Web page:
A botanical artist documents the species on 8-meter scrolls to raise environmental awareness

A botanical artist committed to documenting plant species on 8-meter rolls of paper has raised tears abroad as she works to raise environmental awareness.

Sharon Field, who has been creating art depicting Australia’s flora for over a decade, attracts species from across New South Wales and the world, including some that are endangered, threatened or at risk from climate change.

She says her job is to do one drawing a day until the year 2030 on an 8-meter roll because it’s “the longest piece of paper I can get”.

“It could be a native Australian plant that might be under threat, it could be an introduced species, it could be a weed,” Field said.

“I also included insects, caterpillars, and bird wings, because I’m trying to show the biodiversity of the environment we live in.”

A piece of scroll paper with botanical drawings, a pen, a pair of glasses, and a light sit on top of it.
The scrolls are made of paper and will all be completed in 2030.(Supplied: Sharon Field)

Its journey began after the release of the Intergovernmental Panel on Climate Change (IPCC) report in 2022, which showed that the world must cut emissions by 43 percent by 2030 to avoid severe environmental consequences.

Australia’s 2022 State of the Environment report documented that the country’s environment was “poor” and “degraded”, with more species extinctions on the way.

Field, who lives south of Canberra and plans to paint eight manuscripts, said she has seen the effects of climate change, drought and bushfires.

“People don’t want to hear the warnings, they don’t want to hear the statistics, they can’t understand the statistics, but they can understand the visual,” she said.

A drawing containing three hazelnuts next to a number of drawings of plant species.
Ms Field painted a few hazelnuts while on site in the Riverina, New South Wales.(Supplied: Sharon Field)

Tears in the Big Apple

Field takes a roll wrapped inside her backpack everywhere she goes, including the American Society of Botanical Artists convention in New York City.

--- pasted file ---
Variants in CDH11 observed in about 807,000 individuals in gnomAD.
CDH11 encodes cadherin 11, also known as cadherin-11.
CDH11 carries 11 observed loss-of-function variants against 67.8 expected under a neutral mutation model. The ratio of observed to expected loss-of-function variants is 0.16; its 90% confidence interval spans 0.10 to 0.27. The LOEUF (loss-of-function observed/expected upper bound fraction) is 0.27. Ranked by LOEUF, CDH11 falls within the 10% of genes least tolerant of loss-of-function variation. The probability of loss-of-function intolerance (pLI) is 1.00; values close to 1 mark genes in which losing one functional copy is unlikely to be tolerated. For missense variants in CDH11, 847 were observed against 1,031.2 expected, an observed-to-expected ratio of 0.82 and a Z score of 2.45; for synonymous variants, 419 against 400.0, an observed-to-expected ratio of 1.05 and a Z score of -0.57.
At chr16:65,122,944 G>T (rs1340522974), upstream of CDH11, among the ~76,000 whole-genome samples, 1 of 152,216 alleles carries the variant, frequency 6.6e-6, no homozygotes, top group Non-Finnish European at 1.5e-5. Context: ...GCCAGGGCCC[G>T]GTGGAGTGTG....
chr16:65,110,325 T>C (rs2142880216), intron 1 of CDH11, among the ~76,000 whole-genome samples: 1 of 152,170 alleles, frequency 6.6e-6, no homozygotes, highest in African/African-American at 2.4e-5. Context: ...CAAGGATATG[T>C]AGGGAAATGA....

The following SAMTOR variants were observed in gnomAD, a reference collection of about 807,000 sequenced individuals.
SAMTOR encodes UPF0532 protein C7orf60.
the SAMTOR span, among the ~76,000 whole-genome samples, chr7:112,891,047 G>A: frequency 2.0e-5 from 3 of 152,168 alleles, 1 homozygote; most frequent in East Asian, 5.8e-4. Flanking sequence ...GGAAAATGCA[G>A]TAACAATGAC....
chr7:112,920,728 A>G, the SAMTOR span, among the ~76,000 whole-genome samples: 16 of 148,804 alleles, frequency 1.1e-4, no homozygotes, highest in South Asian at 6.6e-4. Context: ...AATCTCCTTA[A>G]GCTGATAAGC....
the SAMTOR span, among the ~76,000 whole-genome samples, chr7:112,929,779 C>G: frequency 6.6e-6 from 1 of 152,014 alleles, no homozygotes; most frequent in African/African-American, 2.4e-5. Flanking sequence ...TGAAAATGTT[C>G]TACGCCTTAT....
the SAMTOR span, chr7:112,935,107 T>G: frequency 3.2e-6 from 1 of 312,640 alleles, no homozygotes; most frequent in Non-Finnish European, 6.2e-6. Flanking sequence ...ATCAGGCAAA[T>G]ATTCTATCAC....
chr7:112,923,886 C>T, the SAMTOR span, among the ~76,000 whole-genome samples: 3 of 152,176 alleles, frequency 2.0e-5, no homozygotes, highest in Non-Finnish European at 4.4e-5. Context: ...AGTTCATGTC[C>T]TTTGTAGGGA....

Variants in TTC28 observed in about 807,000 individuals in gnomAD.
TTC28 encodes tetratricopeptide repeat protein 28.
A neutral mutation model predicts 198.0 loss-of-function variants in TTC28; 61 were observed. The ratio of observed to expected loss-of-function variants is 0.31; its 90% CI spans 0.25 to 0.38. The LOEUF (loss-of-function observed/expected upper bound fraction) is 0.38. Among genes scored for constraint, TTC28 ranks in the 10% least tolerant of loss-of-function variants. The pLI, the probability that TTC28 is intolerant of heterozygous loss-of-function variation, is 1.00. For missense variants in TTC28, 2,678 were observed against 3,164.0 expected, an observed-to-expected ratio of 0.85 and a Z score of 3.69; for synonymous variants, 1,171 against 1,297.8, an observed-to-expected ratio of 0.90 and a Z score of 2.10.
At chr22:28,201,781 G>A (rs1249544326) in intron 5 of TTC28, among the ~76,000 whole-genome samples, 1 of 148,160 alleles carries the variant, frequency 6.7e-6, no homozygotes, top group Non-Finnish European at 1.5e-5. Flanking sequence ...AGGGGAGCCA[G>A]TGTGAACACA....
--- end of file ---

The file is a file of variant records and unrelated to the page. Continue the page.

“People were in tears and I think that really conveyed to them that this is a very serious issue,” she said.

A group of people surround an eight-meter scroll with floral designs.
Sharon Field’s botanical art scroll has been well received and inspired audiences in the United States.(Supplied: Sharon Field)

She made sure to add a new species to her scroll every single day she was in the States.

“In my hotel room, the scroll was rolled out on the ironing board because that was the longest space, and I had a small area of ​​the scroll open,” she said.

“I had drawings of American elms, which are endangered there, and I went to the botanical gardens, and interestingly enough, I went to Alcatraz in San Francisco, where the oldest tree in Alcatraz is an Australian tea tree.”

Ironing board with botanical scrollwork in front of window.
Field does one drawing every day, even if he’s out and about in places like New York.(Supplied: Sharon Field)

A conference in Vienna, Austria, has expressed interest in featuring the scroll as part of a university program to pair scholars with botanical artists.

Agriculture with a difference

Farmer Bindi Vanzella, who has a background in conservation farm management, recently hosted Field and Pass Happy Wombat Hazelnuts near Batlow in the Riverina region of New South Wales.

A woman and a man sitting with their dogs among hazelnut trees and grass.
Mrs. Vanzela and Mr. Anderson are farmers who work in the cold climate of southern New South Wales.(Supplied: Louise Halsey)

“The thing that resonated with me was the hazelnut, and the other little item that she took with her to paint was the narrow-leaved mint, which is a local type of eucalyptus,” said Ms. Vanzela.

Mrs. Vanzela’s 20-hectare property was formerly potato and grazing country.

Over three decades, she and her husband, Craig Anderson, have transformed it into an eco-friendly hazelnut and berry farm.

The wombat is standing in the tall grass.
One of the many wombats that coexist with the pair’s farming process.(Supplied: Bindi Vanzela)

“If the wildlife, including wombats in the area, are healthy, that’s a sign that our farm is healthy, so we use it as a species indicator for our farm,” she said.

“Most of the farmers out there would agree that you cannot do farming without being connected to the natural environment.”

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